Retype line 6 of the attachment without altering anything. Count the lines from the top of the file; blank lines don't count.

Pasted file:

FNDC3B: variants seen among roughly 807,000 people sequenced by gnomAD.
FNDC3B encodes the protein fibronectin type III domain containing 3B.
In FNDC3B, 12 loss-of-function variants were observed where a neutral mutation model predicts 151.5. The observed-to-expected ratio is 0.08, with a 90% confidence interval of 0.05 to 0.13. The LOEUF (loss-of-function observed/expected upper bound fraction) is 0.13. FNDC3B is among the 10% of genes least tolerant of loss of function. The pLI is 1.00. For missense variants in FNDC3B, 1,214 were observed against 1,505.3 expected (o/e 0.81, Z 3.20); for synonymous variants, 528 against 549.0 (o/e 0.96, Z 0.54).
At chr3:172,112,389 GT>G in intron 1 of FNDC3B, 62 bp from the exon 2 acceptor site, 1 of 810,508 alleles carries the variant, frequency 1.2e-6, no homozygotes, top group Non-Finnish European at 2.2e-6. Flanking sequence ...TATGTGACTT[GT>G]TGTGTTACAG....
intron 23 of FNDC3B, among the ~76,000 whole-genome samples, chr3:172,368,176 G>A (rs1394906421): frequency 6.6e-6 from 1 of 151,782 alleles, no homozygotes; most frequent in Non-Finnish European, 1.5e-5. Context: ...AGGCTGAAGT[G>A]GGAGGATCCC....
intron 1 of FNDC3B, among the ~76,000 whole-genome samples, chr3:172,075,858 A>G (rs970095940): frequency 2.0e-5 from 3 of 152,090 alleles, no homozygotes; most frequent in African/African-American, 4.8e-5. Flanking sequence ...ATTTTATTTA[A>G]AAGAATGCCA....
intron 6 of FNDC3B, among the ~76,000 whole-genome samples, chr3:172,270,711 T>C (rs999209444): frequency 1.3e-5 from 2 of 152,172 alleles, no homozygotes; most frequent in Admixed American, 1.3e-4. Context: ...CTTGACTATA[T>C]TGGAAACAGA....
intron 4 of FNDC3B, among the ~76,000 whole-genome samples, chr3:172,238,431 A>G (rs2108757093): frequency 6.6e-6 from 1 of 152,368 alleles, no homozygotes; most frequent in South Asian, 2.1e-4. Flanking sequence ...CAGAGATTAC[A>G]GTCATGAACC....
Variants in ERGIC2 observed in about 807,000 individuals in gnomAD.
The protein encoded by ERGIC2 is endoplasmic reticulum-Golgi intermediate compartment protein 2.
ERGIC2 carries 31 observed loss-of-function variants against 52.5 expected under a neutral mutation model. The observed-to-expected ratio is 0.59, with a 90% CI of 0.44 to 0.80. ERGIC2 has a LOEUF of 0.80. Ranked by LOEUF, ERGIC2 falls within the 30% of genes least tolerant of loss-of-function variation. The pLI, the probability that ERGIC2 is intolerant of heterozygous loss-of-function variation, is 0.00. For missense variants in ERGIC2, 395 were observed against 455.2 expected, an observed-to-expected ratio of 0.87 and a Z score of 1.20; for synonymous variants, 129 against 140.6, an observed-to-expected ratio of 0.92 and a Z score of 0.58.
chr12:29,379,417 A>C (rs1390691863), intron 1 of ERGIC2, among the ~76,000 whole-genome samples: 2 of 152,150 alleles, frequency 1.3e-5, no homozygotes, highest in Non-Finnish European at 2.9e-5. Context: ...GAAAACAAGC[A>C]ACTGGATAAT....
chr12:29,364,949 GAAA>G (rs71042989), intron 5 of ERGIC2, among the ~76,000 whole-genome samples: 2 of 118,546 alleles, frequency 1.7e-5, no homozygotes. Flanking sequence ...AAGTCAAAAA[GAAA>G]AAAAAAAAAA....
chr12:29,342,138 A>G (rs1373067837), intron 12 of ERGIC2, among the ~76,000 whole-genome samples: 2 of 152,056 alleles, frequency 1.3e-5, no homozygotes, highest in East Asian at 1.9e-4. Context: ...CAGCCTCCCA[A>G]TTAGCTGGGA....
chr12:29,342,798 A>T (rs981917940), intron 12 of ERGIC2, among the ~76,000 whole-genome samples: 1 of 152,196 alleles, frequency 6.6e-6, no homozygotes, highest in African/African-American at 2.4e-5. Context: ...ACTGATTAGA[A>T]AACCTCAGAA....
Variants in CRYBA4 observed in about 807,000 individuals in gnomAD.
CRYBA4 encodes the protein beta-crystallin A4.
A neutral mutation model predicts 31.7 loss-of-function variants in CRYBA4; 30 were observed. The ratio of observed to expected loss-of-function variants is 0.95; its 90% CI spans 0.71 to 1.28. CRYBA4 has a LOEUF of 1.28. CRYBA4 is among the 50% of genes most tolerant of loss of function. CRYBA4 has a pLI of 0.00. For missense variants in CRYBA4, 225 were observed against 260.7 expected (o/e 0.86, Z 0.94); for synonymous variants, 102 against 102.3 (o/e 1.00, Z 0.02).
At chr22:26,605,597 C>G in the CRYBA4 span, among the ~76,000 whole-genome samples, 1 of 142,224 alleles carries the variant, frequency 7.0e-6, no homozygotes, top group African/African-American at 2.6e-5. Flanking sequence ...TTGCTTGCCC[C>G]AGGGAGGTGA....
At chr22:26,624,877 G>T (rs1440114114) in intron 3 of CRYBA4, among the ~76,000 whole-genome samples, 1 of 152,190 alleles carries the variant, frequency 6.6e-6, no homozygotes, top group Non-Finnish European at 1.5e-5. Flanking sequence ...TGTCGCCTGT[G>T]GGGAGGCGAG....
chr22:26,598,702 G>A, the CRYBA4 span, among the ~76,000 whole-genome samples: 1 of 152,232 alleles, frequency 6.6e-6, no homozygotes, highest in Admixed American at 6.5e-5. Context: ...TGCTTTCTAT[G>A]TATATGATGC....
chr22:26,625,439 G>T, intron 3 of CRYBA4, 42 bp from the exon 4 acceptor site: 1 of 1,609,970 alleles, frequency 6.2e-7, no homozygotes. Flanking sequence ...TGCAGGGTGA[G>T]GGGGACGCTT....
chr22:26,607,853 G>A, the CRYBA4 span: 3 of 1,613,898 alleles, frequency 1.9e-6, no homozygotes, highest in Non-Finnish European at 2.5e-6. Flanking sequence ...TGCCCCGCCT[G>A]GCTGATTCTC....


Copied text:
intron 1 of FNDC3B, among the ~76,000 whole-genome samples, chr3:172,075,858 A>G (rs970095940): frequency 2.0e-5 from 3 of 152,090 alleles, no homozygotes; most frequent in African/African-American, 4.8e-5. Flanking sequence ...ATTTTATTTA[A>G]AAGAATGCCA....